Wind and rain had stirred the lakes and there were buds on trees when I arrived. By the end of the week, everything was in bloom and plants had crossed the seasonal threshold. I won’t soon forget watching a Louisiana season appear in the span of a few days. The weather fluctuated, as it tends to in springtime: a few mild days and cool nights, a hot day, then a dip back down a few degrees. And it was those little dips that determined a lot more than I expected.

First, a bit of context. I have qualified for and fished in all 4 National Championship tournaments. In a total of 8 days of competition, I have never been skunked. In the first 6 of those days, cold fronts blew over Kentucky Lake. In 2016, I placed in the money during the KBF Open on a beautiful, warm Friday, and landed about 30 fish that day. But a cold front arrived the night before the championship and I managed only 6 fish (anglers needed five over two days that year). In 2017 & 2018, I simply couldn’t find a consistent bite. In each case, cold water got colder, and fishing was tough.

As a result of those cold fronts, I had never managed to put a good bag on the leader board at the National Championship. Now, it’s partly my fault – slow, cold water fishing is one of my weak points as an angler. When I reached Louisiana and found water temps consistently over 60 degrees, I was happier than a bead vendor at Mardis Gras.

Like most experienced anglers, I approach new water with a method: I split big water into smaller, more manageable areas. If I find a pattern in one of those, I try to replicate it in other, similar areas (B.A.S.S. legend Rick Clunn has written some great things about this approach to breaking down a lake, by the way). If I can’t find a consistent pattern, I look for indicators that might tell me that the fish are doing something unexpected, or maybe moving into a predictable pattern.

That is what happened in Louisiana – I found two indicators of potential patterns, but I wasn’t sure which to target. One pattern turned out to be a warm day pattern, when fish were aggressive, the other a cooler day pattern. It was ultimately the seasonal heat that helped me decide. Here’s how….

On the first day of practice, I found warm water and active fish, but the water was also pressured. I also found slightly colder water nearby by. Reasoning it would warm up, and its fish had seen fewer lures, I focused on the second, slightly colder lake.  By doing so, I developed an understanding of its structure and behavior, or its personality. And if you can figure out a lake, you can figure out the fish.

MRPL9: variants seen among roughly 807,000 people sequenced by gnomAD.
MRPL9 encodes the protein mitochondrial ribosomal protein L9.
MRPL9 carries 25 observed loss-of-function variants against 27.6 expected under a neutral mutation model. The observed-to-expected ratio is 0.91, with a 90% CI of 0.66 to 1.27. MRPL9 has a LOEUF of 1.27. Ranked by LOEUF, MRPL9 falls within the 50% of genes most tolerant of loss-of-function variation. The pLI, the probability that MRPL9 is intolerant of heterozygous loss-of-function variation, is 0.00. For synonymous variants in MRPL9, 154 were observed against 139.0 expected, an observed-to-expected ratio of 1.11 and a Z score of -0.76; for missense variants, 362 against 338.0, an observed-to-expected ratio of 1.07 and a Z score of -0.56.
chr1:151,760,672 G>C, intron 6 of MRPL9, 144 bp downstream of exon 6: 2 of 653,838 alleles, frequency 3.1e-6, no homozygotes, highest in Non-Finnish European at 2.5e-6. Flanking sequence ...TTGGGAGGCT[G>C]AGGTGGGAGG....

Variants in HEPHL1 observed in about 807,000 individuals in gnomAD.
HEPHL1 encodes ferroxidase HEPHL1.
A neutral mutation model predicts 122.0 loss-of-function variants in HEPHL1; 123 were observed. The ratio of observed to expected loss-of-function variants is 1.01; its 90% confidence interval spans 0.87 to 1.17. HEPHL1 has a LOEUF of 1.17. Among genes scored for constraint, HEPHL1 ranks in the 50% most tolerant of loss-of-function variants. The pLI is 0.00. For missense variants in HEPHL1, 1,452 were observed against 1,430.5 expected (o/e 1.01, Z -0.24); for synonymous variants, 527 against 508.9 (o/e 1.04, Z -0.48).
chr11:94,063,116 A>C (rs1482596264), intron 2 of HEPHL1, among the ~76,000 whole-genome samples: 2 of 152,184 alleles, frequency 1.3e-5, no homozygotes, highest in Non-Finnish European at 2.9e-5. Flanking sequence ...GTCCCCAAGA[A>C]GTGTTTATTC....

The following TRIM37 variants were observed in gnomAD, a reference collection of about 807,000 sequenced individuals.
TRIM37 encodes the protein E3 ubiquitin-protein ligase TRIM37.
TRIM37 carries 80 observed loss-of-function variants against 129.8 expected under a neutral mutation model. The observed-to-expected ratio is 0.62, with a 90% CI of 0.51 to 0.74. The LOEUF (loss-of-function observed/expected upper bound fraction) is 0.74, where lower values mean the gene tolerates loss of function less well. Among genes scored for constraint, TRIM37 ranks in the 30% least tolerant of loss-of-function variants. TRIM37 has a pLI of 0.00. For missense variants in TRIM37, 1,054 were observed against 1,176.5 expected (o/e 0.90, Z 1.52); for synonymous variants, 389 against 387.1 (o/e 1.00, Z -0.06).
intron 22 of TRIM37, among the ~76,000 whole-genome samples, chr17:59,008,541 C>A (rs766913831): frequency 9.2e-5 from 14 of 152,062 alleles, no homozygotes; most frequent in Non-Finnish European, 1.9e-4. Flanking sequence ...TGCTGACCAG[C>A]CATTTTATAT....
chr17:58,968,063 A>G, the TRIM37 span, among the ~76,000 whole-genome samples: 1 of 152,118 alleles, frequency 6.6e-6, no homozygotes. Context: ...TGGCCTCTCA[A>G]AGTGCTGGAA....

I noticed something about the lake over the span of three days: every day when I launched, the water temperature dipped or rose by two degrees. So on day 1 of scouting the water temps were 65 or higher, on day 2 they were 63 or higher, on day 3 of scouting they were 64 or higher. That little difference of 2-3 degrees affected the bite in a very big way. On the slightly warmer days, I found fish that were aggressive and shallow. On the slightly colder days, they backed off the same spots by a few yards, and became less active.

On the night before the first day of competition, I sat down and drew a lousy map on a sheet of paper. I made an arrow indicating wind forecast and placed marks on the spots where I had bites while pre-fishing. Based on those factors, I asked “Will the temperatures be warm enough at first cast so I can count on the fish to be shallow?” Sure enough, the pattern pointed to slightly warmer and more active fish.  As a result, I selected a narrow flat, about one-eight of a mile long, with a creek channel running parallel to it. There was also shade on the bank, limited shoreline structure, and a very strong possibility that it would be protected from the wind for at least most of the morning. I didn’t second guess it – I knew they would be there. How many fish would be there was another matter. I was in for a surprise.